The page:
I was on the aisle in a two seat row. Across sat a businesswoman with her nose buried in a newspaper. No problem. But in the seat beside mine, next to the window, was a young boy wearing a big red tag around his neck: Minor Traveling Unattended.

The kid sat perfectly still, hands in his lap, eyes straight ahead. He'd probably been told never to talk to strangers. Good, I thought.

Then the flight attendant came by. "Michael, I have to sit down because we're about to take off," she said to the little boy. "This nice man will answer any of your questions, okay?"

Did I have a choice? I offered my hand, and Michael shook it twice, straight up and down.

"Hi, I'm Jerry," I said. "You must be about seven years old."

"I'll bet you don't have any kids," he responded.

"Why do you think that? Sure I do." I took out my wallet to show him pictures.

"Because I'm six."

"I was way off, huh?"

The captains' voice came over the speakers, "Flight attendants, prepare for takeoff."

Michael pulled his seat belt tighter and gripped the armrests as the jet engines roared.

I leaned over, "Right about now, I usually say a prayer. I asked God to keep the plane safe and to send angels to protect us."

"Amen," he said, then added, "but I'm not afraid of dying. I'm not afraid because my mama's already in Heaven."

"I'm sorry." I said.

"Why are you sorry?" he asked, peering out the window as the plane lifted off.

"I'm sorry you don't have your mama here."

My briefcase jostled at my feet, reminding me of all the work I needed to do.

"Look at those boats down there!" Michael said as the plane banked over the Pacific. "Where are they going?"

"Just going sailing, having a good time. And there's probably a fishing boat full of guys like you and me."

"Doing what?" he asked.

"Just fishing, maybe for bass or tuna. Does your dad ever take you fishing?"

"I don't have a dad," Michael sadly responded.

Only six years old and he didn't have a dad, and his Mom had died, and here he was flying halfway across the country all by himself. The least I could do was make sure he had a good flight. With my foot I pushed my briefcase under my seat.

"Do they have a bathroom here?" he asked, squirming a little.

"Sure," I said, "let me take you there."

I showed him how to work the "Occupied" sign, and what buttons to push on the sink, then he closed the door. When he emerged, he wore a wet shirt and a huge smile

"That sink shoots water everywhere!"

The attendants smiled.

Michael got the VIP treatment from the crew during snack time. I took out my laptop and tried to work on a talk I had to give, but my mind kept going to Michael. I couldn't stop looking at the crumpled grocery bag on the floor by his seat. He'd told me that everything he owned was in that bag. Poor kid.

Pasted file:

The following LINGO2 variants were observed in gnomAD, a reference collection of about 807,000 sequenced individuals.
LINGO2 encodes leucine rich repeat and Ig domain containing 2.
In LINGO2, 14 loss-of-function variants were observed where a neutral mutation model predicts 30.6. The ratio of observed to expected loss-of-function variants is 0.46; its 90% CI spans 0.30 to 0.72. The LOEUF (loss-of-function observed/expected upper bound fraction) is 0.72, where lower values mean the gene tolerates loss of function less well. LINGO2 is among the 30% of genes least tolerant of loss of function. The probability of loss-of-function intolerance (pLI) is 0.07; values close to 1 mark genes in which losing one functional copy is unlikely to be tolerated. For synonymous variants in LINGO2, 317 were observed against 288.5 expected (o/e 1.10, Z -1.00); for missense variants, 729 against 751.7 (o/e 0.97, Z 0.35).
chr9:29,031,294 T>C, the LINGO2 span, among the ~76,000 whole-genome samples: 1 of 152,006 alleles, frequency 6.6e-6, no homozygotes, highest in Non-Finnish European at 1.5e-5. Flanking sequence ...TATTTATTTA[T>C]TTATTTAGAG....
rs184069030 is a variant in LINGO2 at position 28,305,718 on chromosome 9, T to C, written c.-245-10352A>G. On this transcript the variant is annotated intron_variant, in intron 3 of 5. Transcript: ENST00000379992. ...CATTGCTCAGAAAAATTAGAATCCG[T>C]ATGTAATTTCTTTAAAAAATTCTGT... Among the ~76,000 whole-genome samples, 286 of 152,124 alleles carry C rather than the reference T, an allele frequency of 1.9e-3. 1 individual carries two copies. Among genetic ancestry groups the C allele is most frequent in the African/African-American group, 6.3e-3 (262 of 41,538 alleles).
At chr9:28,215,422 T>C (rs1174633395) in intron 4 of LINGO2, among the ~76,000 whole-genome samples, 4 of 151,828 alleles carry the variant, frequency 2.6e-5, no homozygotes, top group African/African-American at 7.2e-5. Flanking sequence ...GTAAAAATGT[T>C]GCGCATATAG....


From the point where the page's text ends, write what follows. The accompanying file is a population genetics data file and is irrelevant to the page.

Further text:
While Michael was getting a tour of the cockpit the flight attendant told me his grandmother would pick him up in Chicago. In the seat pocket a large manila envelope held all the paperwork regarding his custody. He came back explaining, "I got wings! I got cards! I got more peanuts. I saw the pilot and he said I could come back anytime!"

For a while he stared at the manila envelope.

"What are you thinking?" I asked Michael.

He didn't answer. He buried his face in his hands and started sobbing. It had been years since I'd heard a little one cry like that. My kids were grown -- still I don't think they'd ever cried so hard. I rubbed his back and wondered where the flight attendant was.

"What's the matter buddy?" I asked.

All I got were muffled words "I don't know my grandma. Mama didn't want her to come visit and see her sick. What if Grandma doesn't want me? Where will I go?"

"Michael, do you remember the Christmas story? Mary and Joseph and the baby Jesus? Remember how they came to Bethlehem just before Jesus was born? It was late and cold, and they didn't have anywhere to stay, no family, no hotels, not even hospitals where babies could be born. Well, God was watching out for them. He found them a place to stay; a stable with animals."

"Wait, wait," Michael tugged on my sleeve. "I know Jesus. I remember now." Then he closed his eyes, lifted his head and began to sing. His voice rang out with a strength that rocked his tiny frame. "Jeeesus looooves me--thiiiiiis I knowwwwwww. For the Biiiiiible tells meeeeee sooooo....."